Security Snacks is a weekly digest of the most notable InfoSec news.
Its purpose is to provide a one-stop source for getting a high-level view of the state of security and hacking.
As if 2020 wasn’t scary enough, DNS cache poisoning is back from the dead! 123456 is still the most common password. A researcher dropped 12 severe Cisco exploits you need to stop everything and go patch ASAP. A company is offering a bounty to criminals who hacked it, and another one paid a bounty to ethical hackers who helped it find the criminals who hacked it…
Notable Security News
NordPass’s Top 200 most common passwords of the year 2020
NordPass analyzed passwords leaked in recent data breaches and published this list of the 200 most common passwords of 2020. 123456 is disappointingly first, followed by 123456789 then picture1. So, this is that yearly reminder to use a password generator. It is also interesting to see the worst passwords by category (names, sports, random letters…).
Cisco reveals this critical bug in Cisco Security Manager after exploits are posted – patch now
Florian Hauser responsibly disclosed to Cisco 12 vulnerabilities, all unauthenticated and almost all resulting in Remote Code Execution. Since they weren’t patched 120 days later, he published his research. Attackers will probably start using his exploits in the coming days to take control of vulnerable systems. If you are using Cisco Security Manager, you need to patch as soon as possible!
SAD DNS: Researchers pull source code as DNS cache poisoning technique deemed ‘too dangerous’
The DNS cache poisoning attack was discovered in 2008 and fixed, but researchers found a way to bypass mitigations. Attackers can again poison the cache of DNS resolvers and cause them to return a malicious spoofed IP address instead of the real IP of a domain. It is so severe that the source code to reproduce it was pulled after its publication and DNS providers like Cloudflare are working on new mitigations.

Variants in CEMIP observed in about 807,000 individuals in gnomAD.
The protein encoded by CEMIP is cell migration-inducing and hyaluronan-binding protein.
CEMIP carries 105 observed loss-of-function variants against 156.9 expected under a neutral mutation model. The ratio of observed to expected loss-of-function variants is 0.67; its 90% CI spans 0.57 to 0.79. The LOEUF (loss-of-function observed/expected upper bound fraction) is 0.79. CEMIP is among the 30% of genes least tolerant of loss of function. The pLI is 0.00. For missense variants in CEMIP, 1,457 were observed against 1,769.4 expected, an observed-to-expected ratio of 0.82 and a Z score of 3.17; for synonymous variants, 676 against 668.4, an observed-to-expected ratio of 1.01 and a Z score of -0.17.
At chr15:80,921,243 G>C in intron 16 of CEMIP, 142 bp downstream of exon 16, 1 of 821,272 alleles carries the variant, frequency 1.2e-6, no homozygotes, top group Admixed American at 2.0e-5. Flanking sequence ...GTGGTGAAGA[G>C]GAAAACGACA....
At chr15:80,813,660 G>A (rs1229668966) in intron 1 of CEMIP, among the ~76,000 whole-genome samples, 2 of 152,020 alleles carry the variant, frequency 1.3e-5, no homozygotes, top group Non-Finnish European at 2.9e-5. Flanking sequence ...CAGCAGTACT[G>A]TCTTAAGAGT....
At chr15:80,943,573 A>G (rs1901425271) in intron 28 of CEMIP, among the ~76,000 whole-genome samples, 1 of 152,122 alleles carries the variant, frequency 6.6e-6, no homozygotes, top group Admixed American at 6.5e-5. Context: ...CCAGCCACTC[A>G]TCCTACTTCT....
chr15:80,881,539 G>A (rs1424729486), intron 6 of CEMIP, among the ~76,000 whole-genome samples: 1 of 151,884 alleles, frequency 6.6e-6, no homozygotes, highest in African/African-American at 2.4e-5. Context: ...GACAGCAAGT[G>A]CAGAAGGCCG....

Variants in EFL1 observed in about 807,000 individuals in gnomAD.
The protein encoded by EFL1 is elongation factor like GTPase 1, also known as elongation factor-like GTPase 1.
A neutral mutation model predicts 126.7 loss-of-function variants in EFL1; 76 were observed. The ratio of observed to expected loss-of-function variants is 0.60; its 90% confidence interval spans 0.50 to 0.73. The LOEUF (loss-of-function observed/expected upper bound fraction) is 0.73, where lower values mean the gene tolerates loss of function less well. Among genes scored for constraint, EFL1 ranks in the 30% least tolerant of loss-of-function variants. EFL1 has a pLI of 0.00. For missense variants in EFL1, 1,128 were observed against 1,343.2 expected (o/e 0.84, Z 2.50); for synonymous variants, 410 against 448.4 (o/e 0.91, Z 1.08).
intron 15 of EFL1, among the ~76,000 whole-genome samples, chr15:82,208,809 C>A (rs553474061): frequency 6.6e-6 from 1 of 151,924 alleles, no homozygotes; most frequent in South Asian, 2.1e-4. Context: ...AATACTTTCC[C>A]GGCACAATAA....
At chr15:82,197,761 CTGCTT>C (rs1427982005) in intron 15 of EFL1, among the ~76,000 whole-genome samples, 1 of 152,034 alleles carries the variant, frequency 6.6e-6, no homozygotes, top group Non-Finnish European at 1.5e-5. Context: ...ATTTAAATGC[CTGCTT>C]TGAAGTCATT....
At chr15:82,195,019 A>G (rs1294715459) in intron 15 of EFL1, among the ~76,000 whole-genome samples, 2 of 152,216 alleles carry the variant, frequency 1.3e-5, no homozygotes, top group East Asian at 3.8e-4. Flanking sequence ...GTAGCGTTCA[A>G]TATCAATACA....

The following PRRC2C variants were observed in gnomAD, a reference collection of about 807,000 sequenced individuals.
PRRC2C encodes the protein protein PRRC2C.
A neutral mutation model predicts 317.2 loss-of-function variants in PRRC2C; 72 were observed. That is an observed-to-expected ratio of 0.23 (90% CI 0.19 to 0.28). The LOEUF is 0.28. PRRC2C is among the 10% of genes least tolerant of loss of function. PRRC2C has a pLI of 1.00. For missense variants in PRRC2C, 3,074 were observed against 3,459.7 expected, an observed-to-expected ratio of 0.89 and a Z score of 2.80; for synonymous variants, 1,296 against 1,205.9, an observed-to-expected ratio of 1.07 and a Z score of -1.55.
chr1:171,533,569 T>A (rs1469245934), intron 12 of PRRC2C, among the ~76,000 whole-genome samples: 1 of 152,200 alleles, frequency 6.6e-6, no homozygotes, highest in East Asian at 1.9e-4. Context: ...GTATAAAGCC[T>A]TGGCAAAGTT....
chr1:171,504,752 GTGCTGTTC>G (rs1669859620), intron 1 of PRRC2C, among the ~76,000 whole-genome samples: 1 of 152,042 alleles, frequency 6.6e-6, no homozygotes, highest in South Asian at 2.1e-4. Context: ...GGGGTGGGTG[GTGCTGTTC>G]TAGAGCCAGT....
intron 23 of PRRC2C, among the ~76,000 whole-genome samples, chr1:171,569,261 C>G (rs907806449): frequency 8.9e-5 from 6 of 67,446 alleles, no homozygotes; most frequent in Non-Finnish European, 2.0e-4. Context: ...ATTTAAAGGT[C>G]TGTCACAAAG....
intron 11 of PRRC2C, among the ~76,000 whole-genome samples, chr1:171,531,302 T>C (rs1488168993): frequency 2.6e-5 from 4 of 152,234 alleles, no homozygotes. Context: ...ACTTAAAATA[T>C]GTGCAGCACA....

Binance awar;ds $200,000 bounty after cyber-attackers indicted in US
A team of unnamed investogators helped Binance identify the cyber criminals behind phishing attacks against its users. So, Binance rewarded them with a $200,000 bounty, plus $50,000 that will be paid after the crooks are in custody. Contemporary bounty hunters, just like bounty hunters of the Old West!
Crypto company offers bounty to hackers that stole $2M – a slap in the face to threat researchers
Akropolis.io, a cryptocurrency company, lost $2 million to cyber criminals. Instead of going to law enforcement, they are now offering a $200,000 bounty to the hackers if they return the stolen funds. A sort of compensation for having found an exploit, except that this is not how bug bounties work! It sets a dangerous precedent for both companies and hackers.
Other Interesting News